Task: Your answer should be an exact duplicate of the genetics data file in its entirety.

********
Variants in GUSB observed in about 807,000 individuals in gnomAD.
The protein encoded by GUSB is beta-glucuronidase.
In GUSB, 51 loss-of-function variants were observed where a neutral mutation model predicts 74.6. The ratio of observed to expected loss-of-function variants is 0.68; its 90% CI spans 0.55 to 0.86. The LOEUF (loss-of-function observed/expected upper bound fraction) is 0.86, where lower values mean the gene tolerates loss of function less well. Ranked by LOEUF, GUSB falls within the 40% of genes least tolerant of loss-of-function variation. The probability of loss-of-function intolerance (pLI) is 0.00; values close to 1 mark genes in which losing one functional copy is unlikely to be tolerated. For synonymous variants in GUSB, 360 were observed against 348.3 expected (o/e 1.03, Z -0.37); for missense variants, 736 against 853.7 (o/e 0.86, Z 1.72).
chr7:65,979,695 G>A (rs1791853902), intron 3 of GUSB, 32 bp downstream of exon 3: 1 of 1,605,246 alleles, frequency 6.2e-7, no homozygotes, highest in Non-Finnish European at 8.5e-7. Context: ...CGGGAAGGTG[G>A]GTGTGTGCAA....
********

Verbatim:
Variants in GUSB observed in about 807,000 individuals in gnomAD.
The protein encoded by GUSB is beta-glucuronidase.
In GUSB, 51 loss-of-function variants were observed where a neutral mutation model predicts 74.6. The ratio of observed to expected loss-of-function variants is 0.68; its 90% CI spans 0.55 to 0.86. The LOEUF (loss-of-function observed/expected upper bound fraction) is 0.86, where lower values mean the gene tolerates loss of function less well. Ranked by LOEUF, GUSB falls within the 40% of genes least tolerant of loss-of-function variation. The probability of loss-of-function intolerance (pLI) is 0.00; values close to 1 mark genes in which losing one functional copy is unlikely to be tolerated. For synonymous variants in GUSB, 360 were observed against 348.3 expected (o/e 1.03, Z -0.37); for missense variants, 736 against 853.7 (o/e 0.86, Z 1.72).
chr7:65,979,695 G>A (rs1791853902), intron 3 of GUSB, 32 bp downstream of exon 3: 1 of 1,605,246 alleles, frequency 6.2e-7, no homozygotes, highest in Non-Finnish European at 8.5e-7. Context: ...CGGGAAGGTG[G>A]GTGTGTGCAA....